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12 Ocean storage 12.1 Introduction

As described in Chapter 2, the world’s oceans contain an estimated 39,000 Gt-C (143,000Gt-CO2), 50 times more than the atmospheric inventory, and are estimated to have taken up almost 38% (500Gt-CO2) of the 1300Gt of anthropogenic CO2 emissions over the past two centuries.

Options that have been investigated to store carbon by increasing the oce­ anic inventory are described in this chapter, including biological (fertilization), chemical (reduction of ocean acidity, accelerated limestone weathering), and physical methods (CO2 dissolution, supercritical CO2 pools in the deep ocean).

12.2 Physical, chemical, and biological fundamentals

12.2.1 Physical properties of CO2 in seawater

The behavior of CO2 released directly into seawater will depend primarily on the pressure (i.e., depth) and temperature of the water into which it is released. The key properties are:

l

l

l

The liquefaction pressure at a given temperature: the point at which with increasing pressure, gaseous CO2 will liquefy

The variation of CO2 liquid density with pressure, which determines its buoyancy relative to seawater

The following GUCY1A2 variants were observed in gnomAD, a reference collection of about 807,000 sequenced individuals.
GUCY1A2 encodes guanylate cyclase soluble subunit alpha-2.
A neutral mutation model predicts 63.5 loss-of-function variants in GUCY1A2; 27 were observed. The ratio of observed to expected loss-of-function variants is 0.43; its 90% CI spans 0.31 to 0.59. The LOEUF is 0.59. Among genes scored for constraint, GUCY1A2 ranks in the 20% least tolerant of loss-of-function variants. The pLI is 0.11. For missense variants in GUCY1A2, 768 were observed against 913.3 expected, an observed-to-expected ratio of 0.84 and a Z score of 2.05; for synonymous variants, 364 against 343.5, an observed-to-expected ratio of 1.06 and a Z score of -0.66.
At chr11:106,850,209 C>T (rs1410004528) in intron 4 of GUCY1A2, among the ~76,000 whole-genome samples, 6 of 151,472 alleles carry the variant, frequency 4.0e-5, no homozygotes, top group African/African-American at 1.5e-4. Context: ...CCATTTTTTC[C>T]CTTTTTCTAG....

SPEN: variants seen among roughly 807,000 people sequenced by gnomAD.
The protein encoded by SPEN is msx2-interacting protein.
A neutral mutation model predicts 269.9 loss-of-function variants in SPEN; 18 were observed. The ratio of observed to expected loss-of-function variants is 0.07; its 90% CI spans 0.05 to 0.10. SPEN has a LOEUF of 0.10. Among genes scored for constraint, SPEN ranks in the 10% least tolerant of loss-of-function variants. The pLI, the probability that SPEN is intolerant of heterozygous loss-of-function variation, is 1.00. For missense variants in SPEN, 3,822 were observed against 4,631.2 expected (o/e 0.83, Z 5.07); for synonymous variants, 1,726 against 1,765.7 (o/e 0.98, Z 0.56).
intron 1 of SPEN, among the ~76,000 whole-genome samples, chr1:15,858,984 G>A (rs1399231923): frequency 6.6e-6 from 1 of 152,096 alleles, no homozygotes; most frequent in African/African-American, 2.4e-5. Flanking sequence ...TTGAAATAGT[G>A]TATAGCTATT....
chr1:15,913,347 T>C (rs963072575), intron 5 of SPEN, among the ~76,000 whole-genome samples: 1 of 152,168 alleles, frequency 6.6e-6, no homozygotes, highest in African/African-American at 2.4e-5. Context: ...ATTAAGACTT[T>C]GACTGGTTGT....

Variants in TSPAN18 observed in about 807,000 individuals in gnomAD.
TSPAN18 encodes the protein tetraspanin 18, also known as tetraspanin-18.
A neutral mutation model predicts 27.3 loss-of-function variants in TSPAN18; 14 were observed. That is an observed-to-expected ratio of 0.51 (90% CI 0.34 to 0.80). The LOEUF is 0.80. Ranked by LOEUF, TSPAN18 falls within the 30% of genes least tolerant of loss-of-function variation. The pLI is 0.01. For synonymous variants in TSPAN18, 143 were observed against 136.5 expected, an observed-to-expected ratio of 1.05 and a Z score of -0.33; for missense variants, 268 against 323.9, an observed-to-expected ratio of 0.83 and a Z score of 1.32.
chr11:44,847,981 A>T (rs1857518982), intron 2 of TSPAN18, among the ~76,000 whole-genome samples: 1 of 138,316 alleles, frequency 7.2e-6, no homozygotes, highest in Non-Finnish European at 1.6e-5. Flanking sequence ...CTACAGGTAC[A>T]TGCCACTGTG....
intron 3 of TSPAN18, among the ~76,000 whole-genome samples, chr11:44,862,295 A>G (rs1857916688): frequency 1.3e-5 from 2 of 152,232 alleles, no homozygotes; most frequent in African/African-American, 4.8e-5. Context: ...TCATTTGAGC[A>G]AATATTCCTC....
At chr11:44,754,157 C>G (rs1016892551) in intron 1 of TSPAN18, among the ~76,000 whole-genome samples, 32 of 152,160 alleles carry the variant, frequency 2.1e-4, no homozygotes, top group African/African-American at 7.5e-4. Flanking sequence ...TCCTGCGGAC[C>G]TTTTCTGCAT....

The depth and temperature at which CO2 hydrates will form

Saturation pressure

At temperatures of 0–10°C, CO2 will liquefy at pressures of 4–5MPa, corre­ sponding to water depths of ~400–500 m, with a liquid density of 860 kg per m3 at 10°C and 920kg per m3 at 0°C. At this depth liquid CO2 will therefore be positively buoyant, and free liquid droplets will rise and evaporate into gas bubbles as pressure drops below the saturation pressure.

Buoyancy

Figure 12.1 shows the densities of CO2 and seawater versus depth for a range of ocean conditions. Liquid CO2 is more compressible than water and becomes

© 2010 Elsevier, Inc. All rights reserved. Doi:10.1016/B978-1-85617-636-1.00012-2.

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